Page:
Ise Ebi (Japanese spiny lobster) (イセエビ)
Ise ebi, or Japanese spiny lobster (Panulirus japonicus) is a species of lobsters that belongs to Parimuridae of Decapoda. In a broad sense, it indicates several kinds of Ise ebi that belong to Parimuridae (related species). It is a large-size lobster and inhabits a shallow sea in the tropical area, and it is recognized as one of the luxury food stuffs in Japan.
The body length of Ise ebi is usually twenty to thirty centimeters, and it sometimes reaches forty centimeters. The weight of a large one is close to one kilogram. The body shape is a thick cylindrical form, and whole body is covered with hard dark red shell with many spines. It also has solid antennae and ambulatory legs. Many species of Decapoda have two pairs of flexible antennas, but the secondary antenna of Ise ebi are thick and covered with hard shell. Ise ebi have a sounding organ at the base of the second antenna that makes creaky threatening sound when held. It has lateral grooves with short hair in the back of the abdominal part. In comparison, males have longer antennae and ambulatory legs than females. Females have larger abdominal appendages and their fifth legs (the hindmost legs) are transformed into little claws.
"Panulirus," the scientific name of Ise ebi, is the anagram of Palinurus belonging to Palimuridae, and its species name "japonicus" means 'Japanese.'
In English it is called "Spiny lobster" (lobster with many spines). However, lobsters are closer to crayfish than Japanese spiny lobsters, and lobsters are categorized into different groups of Decapoda. The two kinds have similar features such as a hard shell etc. But Ise ebi are different from lobsters in that they do not have large claws and spend a long larval stage (described in detail in 'life cycle').
Ise ebi range in off the coast of the Boso Peninsula down south to Taiwan in the Western Pacific, Kyushu, and southern part of the Korean Peninsula. Although it was once said that the Japanese spiny lobsters broadly ranged in the Indian Ocean and the Western Pacific, it has been found out that they belonged to different species as a result of further research.
It ranges in the shore reefs or a coral reefs in the shallow sea facing deep sea. During the day it hides in the ledges or rock caves, and at night they go out to hunt food.
It is carnivorous and it preys on small sea creatures such as shellfish and sea urchins
It sometimes eats sea weed. It eats the inside of shellfish by crushing their shells with it's cotyloid big strong jaws. Meanwhile, it's natural enemies, in addition to human beings, are sharks, parrot fish and octopus. On encountering its enemies, it jumps backward quickly by snapping its tail.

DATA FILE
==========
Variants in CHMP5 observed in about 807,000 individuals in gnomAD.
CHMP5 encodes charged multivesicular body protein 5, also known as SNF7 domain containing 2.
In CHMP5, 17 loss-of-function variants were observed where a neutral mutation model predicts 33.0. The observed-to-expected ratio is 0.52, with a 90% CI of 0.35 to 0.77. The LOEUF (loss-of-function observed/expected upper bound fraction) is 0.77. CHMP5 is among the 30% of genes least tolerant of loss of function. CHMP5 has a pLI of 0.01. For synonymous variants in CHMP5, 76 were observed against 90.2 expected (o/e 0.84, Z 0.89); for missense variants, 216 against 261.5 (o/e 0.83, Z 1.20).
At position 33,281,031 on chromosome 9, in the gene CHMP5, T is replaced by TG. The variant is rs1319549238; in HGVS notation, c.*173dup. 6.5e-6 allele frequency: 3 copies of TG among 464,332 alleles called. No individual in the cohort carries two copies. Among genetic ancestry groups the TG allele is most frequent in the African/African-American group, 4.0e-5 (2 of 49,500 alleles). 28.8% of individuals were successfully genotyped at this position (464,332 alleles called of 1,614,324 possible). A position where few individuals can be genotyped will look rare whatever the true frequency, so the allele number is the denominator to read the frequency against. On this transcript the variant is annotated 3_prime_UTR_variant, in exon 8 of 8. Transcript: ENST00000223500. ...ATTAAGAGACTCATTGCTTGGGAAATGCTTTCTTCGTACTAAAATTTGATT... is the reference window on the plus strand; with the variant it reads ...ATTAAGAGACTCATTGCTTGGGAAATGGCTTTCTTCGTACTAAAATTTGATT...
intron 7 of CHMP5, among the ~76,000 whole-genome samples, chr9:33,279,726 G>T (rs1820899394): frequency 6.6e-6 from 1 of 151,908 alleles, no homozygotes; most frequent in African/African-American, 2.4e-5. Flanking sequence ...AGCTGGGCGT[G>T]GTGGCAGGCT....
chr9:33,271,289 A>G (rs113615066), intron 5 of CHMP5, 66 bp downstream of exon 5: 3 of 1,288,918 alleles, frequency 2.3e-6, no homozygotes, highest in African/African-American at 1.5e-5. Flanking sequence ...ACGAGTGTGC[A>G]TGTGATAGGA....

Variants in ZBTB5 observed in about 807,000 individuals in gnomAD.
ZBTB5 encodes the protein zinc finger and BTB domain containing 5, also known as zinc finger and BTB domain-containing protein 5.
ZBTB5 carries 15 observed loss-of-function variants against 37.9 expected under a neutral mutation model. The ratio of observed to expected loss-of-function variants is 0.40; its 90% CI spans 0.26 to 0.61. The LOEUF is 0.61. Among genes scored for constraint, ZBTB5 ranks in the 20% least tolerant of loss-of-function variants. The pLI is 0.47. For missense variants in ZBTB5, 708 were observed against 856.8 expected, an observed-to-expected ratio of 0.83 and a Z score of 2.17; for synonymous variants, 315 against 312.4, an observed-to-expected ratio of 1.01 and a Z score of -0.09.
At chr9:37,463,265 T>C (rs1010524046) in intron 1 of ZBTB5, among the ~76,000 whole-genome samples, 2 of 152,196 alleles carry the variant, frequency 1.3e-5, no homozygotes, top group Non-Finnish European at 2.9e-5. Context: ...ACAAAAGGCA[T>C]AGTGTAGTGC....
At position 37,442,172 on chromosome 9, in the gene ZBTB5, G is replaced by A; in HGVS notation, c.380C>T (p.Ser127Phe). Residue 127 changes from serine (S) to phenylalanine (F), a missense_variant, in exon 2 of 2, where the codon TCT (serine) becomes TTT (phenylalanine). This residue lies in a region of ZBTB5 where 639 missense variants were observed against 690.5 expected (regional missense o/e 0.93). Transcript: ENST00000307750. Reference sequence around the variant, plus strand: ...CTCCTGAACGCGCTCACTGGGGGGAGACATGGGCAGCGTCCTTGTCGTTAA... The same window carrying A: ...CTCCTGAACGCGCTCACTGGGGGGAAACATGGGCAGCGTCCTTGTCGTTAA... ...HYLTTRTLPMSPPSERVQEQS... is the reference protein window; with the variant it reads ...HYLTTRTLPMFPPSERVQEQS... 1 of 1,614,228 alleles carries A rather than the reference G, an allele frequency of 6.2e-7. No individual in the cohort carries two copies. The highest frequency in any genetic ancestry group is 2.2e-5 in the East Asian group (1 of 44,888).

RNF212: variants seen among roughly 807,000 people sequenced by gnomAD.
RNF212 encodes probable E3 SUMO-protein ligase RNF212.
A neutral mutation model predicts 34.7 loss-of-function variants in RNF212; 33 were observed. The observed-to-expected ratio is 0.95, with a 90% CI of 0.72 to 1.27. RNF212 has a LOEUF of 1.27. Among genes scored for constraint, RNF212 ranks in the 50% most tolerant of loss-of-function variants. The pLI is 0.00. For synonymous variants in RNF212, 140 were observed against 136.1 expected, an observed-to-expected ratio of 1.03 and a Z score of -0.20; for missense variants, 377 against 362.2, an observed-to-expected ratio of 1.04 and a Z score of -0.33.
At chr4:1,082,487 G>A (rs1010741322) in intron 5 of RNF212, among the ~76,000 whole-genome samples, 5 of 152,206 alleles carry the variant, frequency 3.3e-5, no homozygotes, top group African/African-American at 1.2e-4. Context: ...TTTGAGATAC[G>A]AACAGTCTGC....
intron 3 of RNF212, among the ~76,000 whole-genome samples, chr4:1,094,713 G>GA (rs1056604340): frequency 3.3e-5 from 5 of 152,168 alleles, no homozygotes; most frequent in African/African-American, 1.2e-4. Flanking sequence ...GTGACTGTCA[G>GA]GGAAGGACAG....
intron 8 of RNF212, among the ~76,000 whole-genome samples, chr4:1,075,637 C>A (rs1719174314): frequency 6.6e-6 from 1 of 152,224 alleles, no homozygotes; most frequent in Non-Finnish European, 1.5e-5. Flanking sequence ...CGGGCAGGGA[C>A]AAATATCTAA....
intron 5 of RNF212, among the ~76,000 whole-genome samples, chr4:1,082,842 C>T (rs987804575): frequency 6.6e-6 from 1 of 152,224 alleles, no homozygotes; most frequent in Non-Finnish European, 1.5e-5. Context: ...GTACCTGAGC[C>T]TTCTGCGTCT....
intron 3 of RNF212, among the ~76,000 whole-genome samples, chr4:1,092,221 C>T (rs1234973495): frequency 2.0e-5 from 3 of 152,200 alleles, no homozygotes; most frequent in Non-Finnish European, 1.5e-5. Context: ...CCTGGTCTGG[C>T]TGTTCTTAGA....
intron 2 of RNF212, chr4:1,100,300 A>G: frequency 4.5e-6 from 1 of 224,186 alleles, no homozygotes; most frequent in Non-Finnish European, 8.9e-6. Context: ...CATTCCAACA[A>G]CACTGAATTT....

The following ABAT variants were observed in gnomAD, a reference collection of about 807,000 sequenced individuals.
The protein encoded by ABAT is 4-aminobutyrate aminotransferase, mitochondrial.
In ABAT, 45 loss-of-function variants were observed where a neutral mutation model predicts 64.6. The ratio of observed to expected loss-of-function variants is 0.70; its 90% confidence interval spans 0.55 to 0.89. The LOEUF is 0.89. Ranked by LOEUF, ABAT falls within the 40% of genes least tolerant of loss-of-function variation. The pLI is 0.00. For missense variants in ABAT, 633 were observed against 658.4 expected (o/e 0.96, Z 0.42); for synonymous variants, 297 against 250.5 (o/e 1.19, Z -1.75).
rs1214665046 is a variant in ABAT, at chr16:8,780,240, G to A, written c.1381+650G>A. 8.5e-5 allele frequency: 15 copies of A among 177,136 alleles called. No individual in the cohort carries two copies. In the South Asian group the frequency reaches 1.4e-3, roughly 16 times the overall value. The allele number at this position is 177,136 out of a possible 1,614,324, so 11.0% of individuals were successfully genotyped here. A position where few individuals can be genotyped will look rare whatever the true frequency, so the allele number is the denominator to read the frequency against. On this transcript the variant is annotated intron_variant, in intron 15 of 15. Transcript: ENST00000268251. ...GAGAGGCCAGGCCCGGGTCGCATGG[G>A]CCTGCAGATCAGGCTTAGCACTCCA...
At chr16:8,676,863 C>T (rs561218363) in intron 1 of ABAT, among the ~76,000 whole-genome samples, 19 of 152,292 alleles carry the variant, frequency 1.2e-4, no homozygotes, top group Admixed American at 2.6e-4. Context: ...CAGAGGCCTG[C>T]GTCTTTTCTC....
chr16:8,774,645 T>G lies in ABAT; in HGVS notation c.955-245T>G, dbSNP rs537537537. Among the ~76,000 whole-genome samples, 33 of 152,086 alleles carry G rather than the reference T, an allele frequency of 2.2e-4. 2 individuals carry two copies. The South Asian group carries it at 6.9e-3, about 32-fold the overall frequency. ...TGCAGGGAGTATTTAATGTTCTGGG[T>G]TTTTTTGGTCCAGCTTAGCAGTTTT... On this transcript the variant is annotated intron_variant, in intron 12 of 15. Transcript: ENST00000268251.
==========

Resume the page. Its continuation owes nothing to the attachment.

It has the strange habit of following other lobsters and, as a result, they form a line of lobsters during the breeding season.
The breeding season is from May through August, and females spawn their eggs after mating with males. They protect their eggs by holding the botryoidally-gathered small eggs in their abdominal legs for one or two months until they hatch.
The hatched larvae are called Phyllosoma and they are shaped like a leaf. As the broad tree leaf-like shape of the larvae is transparent and their bodies have swimming legs, their body shape is completely dissimilar from their parents. Phyllosoma larvae are carried by sea currents, and spend their floating life as plankton. Although the length of the period depends upon the species of Palimuridae, the period for Ise ebi is about 300 days. The shape and ecology of the larvae are totally different from their parents, and the larvae period is long. Therefore, there is an anecdote that when it was first found in the nineteenth century, no one imagined that it was Parimuridae larvae and a new taxonomic group called Phyllosoma was created.
The body length of the larvae is about 1.5 millimeter and they shed their shell about thirty times as they grow. The Phyllosoma larvae that have grown to about thirty millimeters metamorphose into Puerulus larvae. The Puerulus larvae, in reversal, have a different appearance from Phyllosoma larvae as it is known by the familiar name glass shrimp, and their shape becomes similar to their parents. However, their body is transparent, and their jaws and digestive tracts temporarily undergo regression and they do not feed. The Puerulus larvae swim toward the shore reefs on the coast by paddling with their legs using the saved fat as the energy from when they were Phyllosoma larvae. But how Puerulus larvae know the location of the coasts has not been yet discovered.
Puerulus larvae that have reached the shore reefs shed their shells in about a week. The Puerulus larvae that have taken the same shape of their parents start their walking lives as fry shrimp. They grow to ten centimeters in length in one year, fifteen centimeters in two years and eighteen centimeters in three years. They enter the period of maturity when they grow to about twelve centimeters in length.
Attempts to cultivate
By 1898, the first attempt to cultivate Phyllosoma of Ise ebi was conducted. In 1988 both the Fisheries Technology Center in Mie Prefecture and Kitasato University succeeded in cultivating Ise ebi until they reached the fry shrimp phase. However, commercialization of the cultivation has not been accomplished yet because the period of larvae is long and the death rate during the period is high, and in addition there are many problems controlling the growth of the larvae to reach the fry shrimp phase while reducing the rate of decrease.
But in 2001 the Nemuro-City Fisheries Research Institute succeeded with a complete culture of Minami Ise ebi, or Josus, and it is reported in 2003 that Minamiizu Station, National Center for Stock Enhancement, Fisheries Research Agency of Fisheries Research Agency succeeded in developing the rotating raising unit to increase the survival rate from the larvae to fry shrimp. With these facts, early commercialization to cultivate Japanese spiny lobsters is expected.